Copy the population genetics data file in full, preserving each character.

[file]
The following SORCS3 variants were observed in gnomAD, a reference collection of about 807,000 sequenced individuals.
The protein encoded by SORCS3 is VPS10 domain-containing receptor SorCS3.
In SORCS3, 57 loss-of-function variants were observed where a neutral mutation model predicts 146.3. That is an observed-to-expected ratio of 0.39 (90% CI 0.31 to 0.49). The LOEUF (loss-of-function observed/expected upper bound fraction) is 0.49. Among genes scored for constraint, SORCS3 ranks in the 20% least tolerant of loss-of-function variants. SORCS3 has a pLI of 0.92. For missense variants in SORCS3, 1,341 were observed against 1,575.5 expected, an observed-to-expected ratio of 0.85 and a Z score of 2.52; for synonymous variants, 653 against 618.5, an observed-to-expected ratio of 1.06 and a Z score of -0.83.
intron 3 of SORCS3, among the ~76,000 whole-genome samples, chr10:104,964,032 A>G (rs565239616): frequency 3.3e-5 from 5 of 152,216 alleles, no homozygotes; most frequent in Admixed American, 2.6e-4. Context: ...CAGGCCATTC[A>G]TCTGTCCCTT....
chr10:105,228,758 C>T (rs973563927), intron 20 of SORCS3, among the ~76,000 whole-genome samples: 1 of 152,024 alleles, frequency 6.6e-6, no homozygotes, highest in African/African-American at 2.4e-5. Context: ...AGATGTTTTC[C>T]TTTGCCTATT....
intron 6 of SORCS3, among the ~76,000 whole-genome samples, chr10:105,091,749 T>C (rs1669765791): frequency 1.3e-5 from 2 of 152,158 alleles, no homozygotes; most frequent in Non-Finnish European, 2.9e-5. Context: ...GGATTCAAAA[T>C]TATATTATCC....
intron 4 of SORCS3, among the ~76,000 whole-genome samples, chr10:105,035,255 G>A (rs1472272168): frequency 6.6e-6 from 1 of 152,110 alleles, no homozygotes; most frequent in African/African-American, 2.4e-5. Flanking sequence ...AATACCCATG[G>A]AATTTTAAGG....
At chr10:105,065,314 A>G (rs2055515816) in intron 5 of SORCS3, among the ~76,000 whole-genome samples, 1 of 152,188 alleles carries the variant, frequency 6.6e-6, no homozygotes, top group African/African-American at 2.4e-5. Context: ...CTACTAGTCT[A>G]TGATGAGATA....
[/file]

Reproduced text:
The following SORCS3 variants were observed in gnomAD, a reference collection of about 807,000 sequenced individuals.
The protein encoded by SORCS3 is VPS10 domain-containing receptor SorCS3.
In SORCS3, 57 loss-of-function variants were observed where a neutral mutation model predicts 146.3. That is an observed-to-expected ratio of 0.39 (90% CI 0.31 to 0.49). The LOEUF (loss-of-function observed/expected upper bound fraction) is 0.49. Among genes scored for constraint, SORCS3 ranks in the 20% least tolerant of loss-of-function variants. SORCS3 has a pLI of 0.92. For missense variants in SORCS3, 1,341 were observed against 1,575.5 expected, an observed-to-expected ratio of 0.85 and a Z score of 2.52; for synonymous variants, 653 against 618.5, an observed-to-expected ratio of 1.06 and a Z score of -0.83.
intron 3 of SORCS3, among the ~76,000 whole-genome samples, chr10:104,964,032 A>G (rs565239616): frequency 3.3e-5 from 5 of 152,216 alleles, no homozygotes; most frequent in Admixed American, 2.6e-4. Context: ...CAGGCCATTC[A>G]TCTGTCCCTT....
chr10:105,228,758 C>T (rs973563927), intron 20 of SORCS3, among the ~76,000 whole-genome samples: 1 of 152,024 alleles, frequency 6.6e-6, no homozygotes, highest in African/African-American at 2.4e-5. Context: ...AGATGTTTTC[C>T]TTTGCCTATT....
intron 6 of SORCS3, among the ~76,000 whole-genome samples, chr10:105,091,749 T>C (rs1669765791): frequency 1.3e-5 from 2 of 152,158 alleles, no homozygotes; most frequent in Non-Finnish European, 2.9e-5. Context: ...GGATTCAAAA[T>C]TATATTATCC....
intron 4 of SORCS3, among the ~76,000 whole-genome samples, chr10:105,035,255 G>A (rs1472272168): frequency 6.6e-6 from 1 of 152,110 alleles, no homozygotes; most frequent in African/African-American, 2.4e-5. Flanking sequence ...AATACCCATG[G>A]AATTTTAAGG....
At chr10:105,065,314 A>G (rs2055515816) in intron 5 of SORCS3, among the ~76,000 whole-genome samples, 1 of 152,188 alleles carries the variant, frequency 6.6e-6, no homozygotes, top group African/African-American at 2.4e-5. Context: ...CTACTAGTCT[A>G]TGATGAGATA....